EU has second thoughts about emissions targets

Ed Lasky
Recall all the braying from Europe regarding America's failure to ratify the Kyoto Accord? Bill Clinton signed it but refused to send the treaty for ratification to the Senate, knowing that it would be rejected by both Democrats and Republicans.

Clinton and his Vice-President Al Gore - and innumerable Democrats - have castigated George Bush for refusing to sign and submit the Accord. Bill Clinton has assured people that the Kyoto Accord would not hurt economies
Much political hay has been made here in America and much ridicule has been directed at America from Europe.
The Europeans even went beyond the Accord to agree to cut emissions further. Now they are changing their minds.
Time for a reevaluation.
The European Union has routinely exceeded the caps put on emissions that are part of the Kyoto Accord. Now they have formally asked for a revision of last year's agreement. They want to allow more emissions, recognizing that the agreement signed last year-to much self-acclaim- has harmed their economies and threatened to do further harm in the years ahead.
 
At a rancorous summit meeting this week of the European Union’s heads of state, several Eastern European countries and Italy said they might no longer be able to afford to slash greenhouse gas emissions as envisioned under a broad plan agreed upon last year and would need some concessions from other countries in the bloc. That agreement called for the union to reduce such emissions, linked by climate scientists to global warming, by 20 percent from 1990 levels by the year 2020.

The plan — hailed by the former French president Jacques Chirac as “a great moment in European history” — goes beyond the Kyoto Protocol, which requires industrial nations bound by the treaty to reduce the emission of global-warming gases by an average of 5 percent below 1990 levels by 2012.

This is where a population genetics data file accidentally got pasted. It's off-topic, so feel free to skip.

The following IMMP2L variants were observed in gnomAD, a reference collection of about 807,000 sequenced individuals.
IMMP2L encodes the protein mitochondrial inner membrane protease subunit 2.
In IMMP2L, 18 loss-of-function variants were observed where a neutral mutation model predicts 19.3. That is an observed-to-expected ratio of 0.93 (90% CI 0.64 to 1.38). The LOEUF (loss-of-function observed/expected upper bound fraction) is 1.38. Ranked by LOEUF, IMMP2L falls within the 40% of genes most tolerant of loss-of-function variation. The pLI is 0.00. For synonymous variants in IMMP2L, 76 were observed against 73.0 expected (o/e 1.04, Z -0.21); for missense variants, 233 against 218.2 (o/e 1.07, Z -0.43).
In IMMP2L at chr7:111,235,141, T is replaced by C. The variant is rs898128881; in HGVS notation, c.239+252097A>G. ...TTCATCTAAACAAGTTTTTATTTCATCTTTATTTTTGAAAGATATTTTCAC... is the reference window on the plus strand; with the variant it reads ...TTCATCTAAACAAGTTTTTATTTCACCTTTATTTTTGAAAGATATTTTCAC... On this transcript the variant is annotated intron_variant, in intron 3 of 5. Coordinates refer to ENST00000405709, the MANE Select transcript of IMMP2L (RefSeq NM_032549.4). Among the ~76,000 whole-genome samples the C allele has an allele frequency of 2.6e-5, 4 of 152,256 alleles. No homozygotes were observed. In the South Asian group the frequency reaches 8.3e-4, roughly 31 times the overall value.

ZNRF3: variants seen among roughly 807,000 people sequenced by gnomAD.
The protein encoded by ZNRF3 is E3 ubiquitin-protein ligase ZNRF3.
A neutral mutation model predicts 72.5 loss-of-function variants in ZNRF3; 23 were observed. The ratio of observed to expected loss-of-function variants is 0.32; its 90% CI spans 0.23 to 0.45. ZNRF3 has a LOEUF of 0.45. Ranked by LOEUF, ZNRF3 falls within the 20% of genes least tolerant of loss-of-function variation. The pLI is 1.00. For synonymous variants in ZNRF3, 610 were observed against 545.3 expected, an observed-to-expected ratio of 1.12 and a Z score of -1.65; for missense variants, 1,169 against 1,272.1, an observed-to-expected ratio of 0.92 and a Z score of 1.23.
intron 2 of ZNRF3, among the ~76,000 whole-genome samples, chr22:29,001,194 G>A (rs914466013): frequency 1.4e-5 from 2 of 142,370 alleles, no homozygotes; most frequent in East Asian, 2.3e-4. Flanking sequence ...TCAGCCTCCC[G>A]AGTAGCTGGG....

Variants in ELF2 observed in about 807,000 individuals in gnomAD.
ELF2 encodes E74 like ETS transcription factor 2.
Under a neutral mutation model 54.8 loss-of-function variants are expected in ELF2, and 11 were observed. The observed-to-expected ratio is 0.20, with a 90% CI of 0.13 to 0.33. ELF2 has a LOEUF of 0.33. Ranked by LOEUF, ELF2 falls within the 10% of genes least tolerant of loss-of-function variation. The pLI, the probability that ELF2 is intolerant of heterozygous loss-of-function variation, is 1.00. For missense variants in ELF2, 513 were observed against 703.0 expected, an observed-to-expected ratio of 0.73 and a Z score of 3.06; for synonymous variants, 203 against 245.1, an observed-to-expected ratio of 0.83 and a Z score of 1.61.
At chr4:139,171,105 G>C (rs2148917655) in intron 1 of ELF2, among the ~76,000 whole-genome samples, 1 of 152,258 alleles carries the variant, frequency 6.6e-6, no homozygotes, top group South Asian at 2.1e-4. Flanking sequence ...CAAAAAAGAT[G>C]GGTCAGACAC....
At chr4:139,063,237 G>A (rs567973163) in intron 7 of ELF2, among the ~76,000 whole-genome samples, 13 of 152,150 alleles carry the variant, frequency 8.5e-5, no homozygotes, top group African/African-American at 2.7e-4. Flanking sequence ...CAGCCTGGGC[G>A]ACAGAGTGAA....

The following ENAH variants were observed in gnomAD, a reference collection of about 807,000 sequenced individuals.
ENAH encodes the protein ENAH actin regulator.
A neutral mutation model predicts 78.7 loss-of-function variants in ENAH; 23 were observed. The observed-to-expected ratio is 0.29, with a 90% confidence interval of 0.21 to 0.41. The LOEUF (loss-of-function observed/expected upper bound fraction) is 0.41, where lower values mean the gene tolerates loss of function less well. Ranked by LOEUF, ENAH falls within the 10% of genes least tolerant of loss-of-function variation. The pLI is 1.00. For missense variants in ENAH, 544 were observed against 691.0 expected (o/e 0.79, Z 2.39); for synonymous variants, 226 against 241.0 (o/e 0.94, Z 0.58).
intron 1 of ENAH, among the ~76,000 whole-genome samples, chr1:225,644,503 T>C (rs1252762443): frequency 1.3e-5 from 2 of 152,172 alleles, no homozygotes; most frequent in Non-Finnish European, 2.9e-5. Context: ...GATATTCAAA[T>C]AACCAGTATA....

Reality strikes every once in a while in Europe.
Recall all the braying from Europe regarding America's failure to ratify the Kyoto Accord? Bill Clinton signed it but refused to send the treaty for ratification to the Senate, knowing that it would be rejected by both Democrats and Republicans.

Clinton and his Vice-President Al Gore - and innumerable Democrats - have castigated George Bush for refusing to sign and submit the Accord. Bill Clinton has assured people that the Kyoto Accord would not hurt economies
Much political hay has been made here in America and much ridicule has been directed at America from Europe.
The Europeans even went beyond the Accord to agree to cut emissions further. Now they are changing their minds.
Time for a reevaluation.
The European Union has routinely exceeded the caps put on emissions that are part of the Kyoto Accord. Now they have formally asked for a revision of last year's agreement. They want to allow more emissions, recognizing that the agreement signed last year-to much self-acclaim- has harmed their economies and threatened to do further harm in the years ahead.
 
At a rancorous summit meeting this week of the European Union’s heads of state, several Eastern European countries and Italy said they might no longer be able to afford to slash greenhouse gas emissions as envisioned under a broad plan agreed upon last year and would need some concessions from other countries in the bloc. That agreement called for the union to reduce such emissions, linked by climate scientists to global warming, by 20 percent from 1990 levels by the year 2020.

The plan — hailed by the former French president Jacques Chirac as “a great moment in European history” — goes beyond the Kyoto Protocol, which requires industrial nations bound by the treaty to reduce the emission of global-warming gases by an average of 5 percent below 1990 levels by 2012.

Reality strikes every once in a while in Europe.